Old photos and paintings are testament to the carnage. One picture in Hornaday's book, captioned "Five Minutes' Work," shows eight bison lying dead on the prairie, the shooter's horse standing to the side. A black-and-white photograph from the late 1800s shows a man standing atop a mountain of bison skulls.
As the bison suffered, so did the tallgrass prairie, which once encompassed 142 million acres and stretched from Canada to the Gulf of Mexico. Today, one-tenth of that prairie remains, the largest of it located in the Flint Hills of Oklahoma and Kansas.
Before reintroduction of the species in recent years, the last recorded bison on the tallgrass prairie was in northern Osage County, Okla., in 1851. It was killed by a survey crew.
"It's appalling that we really decimated the wildlife," laments Harvey Payne, who's been involved with the preserve for about 25 years.
No longer in danger
Today, bison are no longer in danger of extinction.
With more than 500,000 living in North America, the animals can be found on private ranches, public parks — such as Yellowstone in Wyoming — and wildlife preserves like the tallgrass prairie, located about 80 miles northwest of Tulsa. About 5,600 can be found on conservancy preserves in the Great Plains.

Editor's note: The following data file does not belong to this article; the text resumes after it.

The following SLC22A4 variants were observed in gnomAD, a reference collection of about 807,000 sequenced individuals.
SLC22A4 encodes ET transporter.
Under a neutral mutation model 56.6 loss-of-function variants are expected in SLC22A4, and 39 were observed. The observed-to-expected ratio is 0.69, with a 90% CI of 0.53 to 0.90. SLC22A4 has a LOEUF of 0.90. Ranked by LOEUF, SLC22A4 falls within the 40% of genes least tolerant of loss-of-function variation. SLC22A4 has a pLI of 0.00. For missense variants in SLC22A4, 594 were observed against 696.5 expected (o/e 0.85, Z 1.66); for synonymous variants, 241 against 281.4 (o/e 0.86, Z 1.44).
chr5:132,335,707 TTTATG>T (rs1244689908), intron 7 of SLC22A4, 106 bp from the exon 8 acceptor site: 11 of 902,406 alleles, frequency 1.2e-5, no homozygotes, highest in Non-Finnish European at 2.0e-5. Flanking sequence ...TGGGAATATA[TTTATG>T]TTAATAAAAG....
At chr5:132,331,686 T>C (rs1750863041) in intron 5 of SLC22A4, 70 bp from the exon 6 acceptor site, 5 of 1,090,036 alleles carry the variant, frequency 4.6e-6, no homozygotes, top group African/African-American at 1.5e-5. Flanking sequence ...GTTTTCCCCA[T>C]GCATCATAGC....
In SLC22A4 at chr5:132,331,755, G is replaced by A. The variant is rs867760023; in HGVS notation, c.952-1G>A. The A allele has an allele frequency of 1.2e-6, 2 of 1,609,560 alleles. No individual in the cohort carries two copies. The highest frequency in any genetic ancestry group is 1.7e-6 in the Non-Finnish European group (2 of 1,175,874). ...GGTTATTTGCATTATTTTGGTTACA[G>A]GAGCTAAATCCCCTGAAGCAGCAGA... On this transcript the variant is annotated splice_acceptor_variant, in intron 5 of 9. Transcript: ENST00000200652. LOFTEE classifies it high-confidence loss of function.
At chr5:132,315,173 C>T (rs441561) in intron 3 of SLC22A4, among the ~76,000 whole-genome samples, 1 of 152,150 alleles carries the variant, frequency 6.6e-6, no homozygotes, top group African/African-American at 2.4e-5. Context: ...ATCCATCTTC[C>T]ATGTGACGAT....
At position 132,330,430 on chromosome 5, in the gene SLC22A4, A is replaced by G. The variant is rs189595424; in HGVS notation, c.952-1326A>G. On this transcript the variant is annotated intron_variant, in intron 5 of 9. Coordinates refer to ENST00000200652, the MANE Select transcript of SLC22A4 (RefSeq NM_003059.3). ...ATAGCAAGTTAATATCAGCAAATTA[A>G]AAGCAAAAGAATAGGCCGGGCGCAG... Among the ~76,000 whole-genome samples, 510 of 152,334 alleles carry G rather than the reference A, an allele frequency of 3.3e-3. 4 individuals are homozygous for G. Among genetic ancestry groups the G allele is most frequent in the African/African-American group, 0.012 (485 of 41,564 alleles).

Perhaps the most famous bison owner is media mogul Ted Turner, who has about 50,000 head and manages 2 million acres of ranch land.
He's parlayed that into dozens of namesake restaurants that serve up the lean, low-calorie meat. His Ted's Montana Grill locations offer bison meatloaf and bison pot roast, among other dishes.
Bison meat has gained in popularity in specialty supermarkets and burger joints across the country, and its health appeal is winning new converts.
A selling point: From ranch to dinner plate, your meal is 100 percent organic.
"It's the exact thing Lewis and Clark would've eaten," says M. Sanjayan, lead scientist at the conservancy. "You're not going to get more pure than that."
Back to the pickup
Six pickups are on the move. A twangy country tune blasts out one of the windows.
One is equipped with a glasspack muffler, and its throaty roar is effective when bison are being moved down the corral alley.
The vehicles box in a few hundred of the animals — a perfect day's haul.
Though bison have a reputation for being a slow, plodding animal without much brainpower, it is myth.
Bison flipped over an ATV
A year ago here, an agitated bison flipped over an ATV like a child's toy. It's estimated they can travel 35 miles an hour if they have to. And, during roundup time, they get really nervous — and unpredictable — in close quarters.